Thursday, February 9, 2012

What do you look for in a CFI?

During the course of my travels I often think back to what I had to do to get in my current seat. Flying across the Atlantic to destinations far and wide wasn't my first flying job, and it may not be my last. I've had the opportunity to fly all kinds of aircraft - from small Cessnas to large Boeings.

I also instructed for about 2,000 hours.

While some pilots have instructed more, others less, one thing is a common denominator - some instructors are great while others barely make the grade! I haven't personally instructed in many years but I still keep my CFI current in case I need it again; indeed, it's a lot easier to keep it current than it is to get the rating again!

Many pilots at my airline who work in the training department keep their CFIs current as well. For those pilots who like to teach I think it is a natural gravitation to end up in the training department of an airline. After all, an airplane is an airplane and the student's learning is influenced mostly by their instructor's ability to convey key learning points (and the student showing up prepared).

For those of you learning to fly, or perhaps you seasoned pilots out there who only get your biennial flight review, what is it that you look for in an instructor?


  1. Still going my training here in the US under the JAA/EASA system.

    Both instructors I have had are originally FAA and have now completed their JAA conversions. Both have been fantastic.

    I think it's good for both to be able to utilise their expertise and encompass the pros from both the American and European systems - without doubt the two most thorough and trusted authorities in the business.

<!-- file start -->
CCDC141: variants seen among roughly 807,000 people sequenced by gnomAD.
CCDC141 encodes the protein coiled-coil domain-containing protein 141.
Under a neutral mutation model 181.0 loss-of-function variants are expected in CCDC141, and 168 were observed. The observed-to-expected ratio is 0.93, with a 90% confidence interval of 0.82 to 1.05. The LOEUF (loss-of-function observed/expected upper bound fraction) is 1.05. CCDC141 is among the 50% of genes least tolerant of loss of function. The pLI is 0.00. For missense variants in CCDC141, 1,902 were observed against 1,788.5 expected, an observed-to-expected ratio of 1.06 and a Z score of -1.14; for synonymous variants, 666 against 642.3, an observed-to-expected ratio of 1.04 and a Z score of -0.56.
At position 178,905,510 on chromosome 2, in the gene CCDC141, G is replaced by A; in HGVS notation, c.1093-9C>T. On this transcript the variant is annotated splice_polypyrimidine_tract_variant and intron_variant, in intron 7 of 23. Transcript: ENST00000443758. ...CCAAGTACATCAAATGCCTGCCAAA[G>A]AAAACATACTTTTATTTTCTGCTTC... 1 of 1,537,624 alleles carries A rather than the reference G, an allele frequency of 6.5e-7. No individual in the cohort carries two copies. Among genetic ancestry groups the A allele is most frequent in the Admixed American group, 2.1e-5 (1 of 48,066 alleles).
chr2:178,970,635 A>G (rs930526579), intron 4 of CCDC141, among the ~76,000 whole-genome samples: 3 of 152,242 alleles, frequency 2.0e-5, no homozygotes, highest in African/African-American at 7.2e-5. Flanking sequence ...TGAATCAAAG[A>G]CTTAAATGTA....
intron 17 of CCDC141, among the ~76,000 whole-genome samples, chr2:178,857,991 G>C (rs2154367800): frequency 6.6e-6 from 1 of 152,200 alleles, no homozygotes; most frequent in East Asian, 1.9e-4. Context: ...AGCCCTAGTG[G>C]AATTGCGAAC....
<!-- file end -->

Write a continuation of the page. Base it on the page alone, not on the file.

2. I've often wondered how the JAA versus FAA version of doing things affects training. I have no experience with the JAA but from what I've heard the academic portion is much more complex than it is over here (multiple tests, no test booklets, etc).

    Is it difficult to transition to JAA if you already have your FAA certs?

  3. Between both General Aviation and Naval Aviation, I've had my fair share of instructors. My favorites were always the level headed, calm and relaxed type. The ones that could portray urgency without raising their voice.

    I learned the most from the kind that would let me make my own mistakes and kept debriefs, brief - hey, I was in the cockpit too, we don't have to talk about every radio call.

    Those were probably the greatest characteristics that stood out from my favorite instructors. They were ultimately the kind that I enjoyed flying with and that always gave my a bag full of new tricks and techniques to walk away with.